The Picket is sharing readers' accounts of their ancestors who served or were affected by the Civil War. We encourage you to get involved by e-mailing us at firstname.lastname@example.org. David Walker, who grew up in Atlanta and now lives in Canton, Ga., provided this account of a relative with connections to pieces of Georgia history.
My great-great-grandfather Thomas Bailey was born Oct. 13, 1839. at Ross Landing Ga. outside of Chattanooga, Tenn. With the family he moved to Athens, Ga. in the early 1850s, where he began a life long career in fabrication with the Athens Steam Company(renamed Athens Foundry and Metal Works).
Grandfather Bailey joined the Confederate Army in July of 1862 and served with the Adams’ Battalion, which appears to be part of the Athens Reserve Corps, Georgia Infantry, until April of 1865. While serving, he is accredited with the casting of the double-barrel cannon designed by John Gilleland, an employee of Cook’s Armory and a private in the Mitchell Thunderbolts also a unit in the Athens Reserve Corps.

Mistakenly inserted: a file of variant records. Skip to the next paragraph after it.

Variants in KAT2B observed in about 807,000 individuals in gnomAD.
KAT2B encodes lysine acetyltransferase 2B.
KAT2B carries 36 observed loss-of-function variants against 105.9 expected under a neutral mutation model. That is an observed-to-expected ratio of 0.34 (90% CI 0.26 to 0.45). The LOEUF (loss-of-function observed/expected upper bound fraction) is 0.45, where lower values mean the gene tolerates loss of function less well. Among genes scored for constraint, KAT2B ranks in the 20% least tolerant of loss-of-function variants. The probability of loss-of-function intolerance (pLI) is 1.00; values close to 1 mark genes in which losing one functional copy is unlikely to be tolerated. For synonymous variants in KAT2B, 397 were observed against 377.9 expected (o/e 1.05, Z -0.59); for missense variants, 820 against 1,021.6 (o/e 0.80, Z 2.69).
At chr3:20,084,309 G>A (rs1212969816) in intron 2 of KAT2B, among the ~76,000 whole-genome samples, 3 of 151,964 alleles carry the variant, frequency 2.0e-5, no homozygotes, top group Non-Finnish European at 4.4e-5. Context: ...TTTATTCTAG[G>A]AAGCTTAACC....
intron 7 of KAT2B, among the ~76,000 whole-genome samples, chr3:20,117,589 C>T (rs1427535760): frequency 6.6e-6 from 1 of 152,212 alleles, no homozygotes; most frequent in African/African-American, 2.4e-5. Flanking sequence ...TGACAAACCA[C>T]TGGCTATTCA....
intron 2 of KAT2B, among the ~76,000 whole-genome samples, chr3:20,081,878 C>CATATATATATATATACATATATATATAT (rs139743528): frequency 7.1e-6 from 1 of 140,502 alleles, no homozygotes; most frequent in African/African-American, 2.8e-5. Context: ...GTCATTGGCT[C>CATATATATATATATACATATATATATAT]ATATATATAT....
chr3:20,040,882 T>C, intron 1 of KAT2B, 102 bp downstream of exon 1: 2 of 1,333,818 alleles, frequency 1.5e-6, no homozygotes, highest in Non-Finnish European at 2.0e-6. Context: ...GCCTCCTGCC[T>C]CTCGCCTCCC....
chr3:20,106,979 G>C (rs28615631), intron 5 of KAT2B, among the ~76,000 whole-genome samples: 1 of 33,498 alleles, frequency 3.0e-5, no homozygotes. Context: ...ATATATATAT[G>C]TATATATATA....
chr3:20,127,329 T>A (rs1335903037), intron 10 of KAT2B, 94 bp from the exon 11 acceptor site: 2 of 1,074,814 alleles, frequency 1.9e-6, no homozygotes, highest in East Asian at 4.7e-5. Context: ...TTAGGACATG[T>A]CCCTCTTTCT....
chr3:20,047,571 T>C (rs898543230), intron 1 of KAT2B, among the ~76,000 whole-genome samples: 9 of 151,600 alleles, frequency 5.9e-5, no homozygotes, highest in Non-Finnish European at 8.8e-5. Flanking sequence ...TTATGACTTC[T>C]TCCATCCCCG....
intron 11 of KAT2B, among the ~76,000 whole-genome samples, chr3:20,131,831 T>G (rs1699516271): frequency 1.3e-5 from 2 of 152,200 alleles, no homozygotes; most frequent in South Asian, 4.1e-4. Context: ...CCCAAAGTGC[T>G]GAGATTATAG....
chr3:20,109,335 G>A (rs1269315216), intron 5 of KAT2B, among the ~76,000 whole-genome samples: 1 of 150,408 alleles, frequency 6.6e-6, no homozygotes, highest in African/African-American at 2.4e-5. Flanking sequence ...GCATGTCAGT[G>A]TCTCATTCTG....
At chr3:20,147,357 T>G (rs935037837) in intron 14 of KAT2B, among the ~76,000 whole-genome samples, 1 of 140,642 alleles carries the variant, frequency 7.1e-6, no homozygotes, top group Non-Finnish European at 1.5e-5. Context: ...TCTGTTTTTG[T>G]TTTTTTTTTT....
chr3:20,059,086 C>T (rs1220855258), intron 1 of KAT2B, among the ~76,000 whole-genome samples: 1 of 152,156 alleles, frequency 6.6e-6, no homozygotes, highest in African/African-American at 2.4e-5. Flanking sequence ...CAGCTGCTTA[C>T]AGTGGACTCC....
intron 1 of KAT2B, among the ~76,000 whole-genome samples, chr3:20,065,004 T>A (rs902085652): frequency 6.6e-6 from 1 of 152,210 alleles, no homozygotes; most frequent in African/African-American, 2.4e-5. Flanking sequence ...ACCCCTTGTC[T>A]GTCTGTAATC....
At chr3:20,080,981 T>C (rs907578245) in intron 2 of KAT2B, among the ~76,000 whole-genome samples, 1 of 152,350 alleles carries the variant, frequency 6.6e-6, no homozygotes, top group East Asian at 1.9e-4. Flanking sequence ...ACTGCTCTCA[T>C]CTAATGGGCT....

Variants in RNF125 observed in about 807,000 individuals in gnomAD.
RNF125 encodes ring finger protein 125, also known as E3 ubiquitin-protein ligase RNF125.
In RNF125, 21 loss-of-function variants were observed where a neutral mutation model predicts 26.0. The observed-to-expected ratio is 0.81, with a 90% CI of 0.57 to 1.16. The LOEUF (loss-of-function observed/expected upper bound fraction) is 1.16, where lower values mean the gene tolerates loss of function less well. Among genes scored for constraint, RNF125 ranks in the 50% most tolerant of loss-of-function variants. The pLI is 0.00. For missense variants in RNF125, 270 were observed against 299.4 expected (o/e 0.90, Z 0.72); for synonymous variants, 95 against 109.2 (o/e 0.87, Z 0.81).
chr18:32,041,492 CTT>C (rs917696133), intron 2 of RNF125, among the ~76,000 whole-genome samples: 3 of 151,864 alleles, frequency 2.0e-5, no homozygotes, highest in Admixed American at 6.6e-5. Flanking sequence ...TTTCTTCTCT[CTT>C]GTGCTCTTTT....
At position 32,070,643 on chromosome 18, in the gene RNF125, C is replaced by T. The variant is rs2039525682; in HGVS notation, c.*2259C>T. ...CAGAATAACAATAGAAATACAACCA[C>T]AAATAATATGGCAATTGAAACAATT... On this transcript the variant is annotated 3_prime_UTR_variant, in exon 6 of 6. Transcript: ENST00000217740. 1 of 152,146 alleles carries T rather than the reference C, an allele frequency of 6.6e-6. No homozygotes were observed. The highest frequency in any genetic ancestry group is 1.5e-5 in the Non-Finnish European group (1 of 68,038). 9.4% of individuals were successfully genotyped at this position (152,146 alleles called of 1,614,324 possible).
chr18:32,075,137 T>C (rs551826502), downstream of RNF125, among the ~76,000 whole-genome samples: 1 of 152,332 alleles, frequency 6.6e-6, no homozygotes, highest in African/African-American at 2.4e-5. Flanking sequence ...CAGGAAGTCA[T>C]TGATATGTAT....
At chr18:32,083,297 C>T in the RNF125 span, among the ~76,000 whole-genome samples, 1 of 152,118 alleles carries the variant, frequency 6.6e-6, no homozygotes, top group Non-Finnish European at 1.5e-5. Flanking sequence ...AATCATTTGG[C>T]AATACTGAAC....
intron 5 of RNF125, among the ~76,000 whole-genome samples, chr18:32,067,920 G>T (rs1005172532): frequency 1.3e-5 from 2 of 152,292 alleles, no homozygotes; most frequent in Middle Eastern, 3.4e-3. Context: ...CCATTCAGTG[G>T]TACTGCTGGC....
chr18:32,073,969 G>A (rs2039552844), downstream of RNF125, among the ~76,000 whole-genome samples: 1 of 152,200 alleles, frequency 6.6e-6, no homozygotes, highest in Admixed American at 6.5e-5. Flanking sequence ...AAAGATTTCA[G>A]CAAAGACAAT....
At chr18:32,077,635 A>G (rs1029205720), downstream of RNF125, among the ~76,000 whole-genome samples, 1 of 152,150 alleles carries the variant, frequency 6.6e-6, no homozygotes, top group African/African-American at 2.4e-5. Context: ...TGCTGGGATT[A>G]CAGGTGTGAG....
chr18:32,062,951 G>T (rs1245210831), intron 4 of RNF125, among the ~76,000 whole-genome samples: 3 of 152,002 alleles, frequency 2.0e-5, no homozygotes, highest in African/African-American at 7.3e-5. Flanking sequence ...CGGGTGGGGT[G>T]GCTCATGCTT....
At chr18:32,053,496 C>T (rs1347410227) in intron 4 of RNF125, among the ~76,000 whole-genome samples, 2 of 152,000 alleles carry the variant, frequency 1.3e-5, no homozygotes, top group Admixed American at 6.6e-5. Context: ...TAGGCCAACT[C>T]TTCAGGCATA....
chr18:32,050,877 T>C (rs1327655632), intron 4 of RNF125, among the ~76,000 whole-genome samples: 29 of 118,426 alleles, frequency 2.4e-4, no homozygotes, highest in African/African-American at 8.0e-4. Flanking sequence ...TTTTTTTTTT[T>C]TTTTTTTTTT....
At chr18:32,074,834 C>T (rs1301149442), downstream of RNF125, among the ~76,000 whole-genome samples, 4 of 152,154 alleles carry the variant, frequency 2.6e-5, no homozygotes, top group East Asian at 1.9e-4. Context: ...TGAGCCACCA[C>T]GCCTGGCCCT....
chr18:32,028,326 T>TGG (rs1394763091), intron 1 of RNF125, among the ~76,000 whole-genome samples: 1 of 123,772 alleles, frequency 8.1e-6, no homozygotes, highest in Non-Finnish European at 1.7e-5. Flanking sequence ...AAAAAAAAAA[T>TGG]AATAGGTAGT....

The double-barrel cannon can be seen sitting in front of City Hall in Athens today.
On April 26, 1900, in Athens he was given the Southern Cross of Honor for service in the army of the Confederacy.
Also, Thomas Bailey owned and operated the Bailey Foundry and Metal Works located on Thomas Street in Athens, which fabricated the “Arch” seen on the campus of the University of Georgia and other decorative iron pieces for homes and businesses which can still be seen today. Later in life, he worked with his sons in the hardware business in and around Athens.
Thomas Bailey passed away Jan. 29, 1922, at the age of 83 and was considered one of Athens’ oldest and most highly esteemed citizens at that time.
He is buried in the Oconee Hills Cemetery across from Sanford Stadium.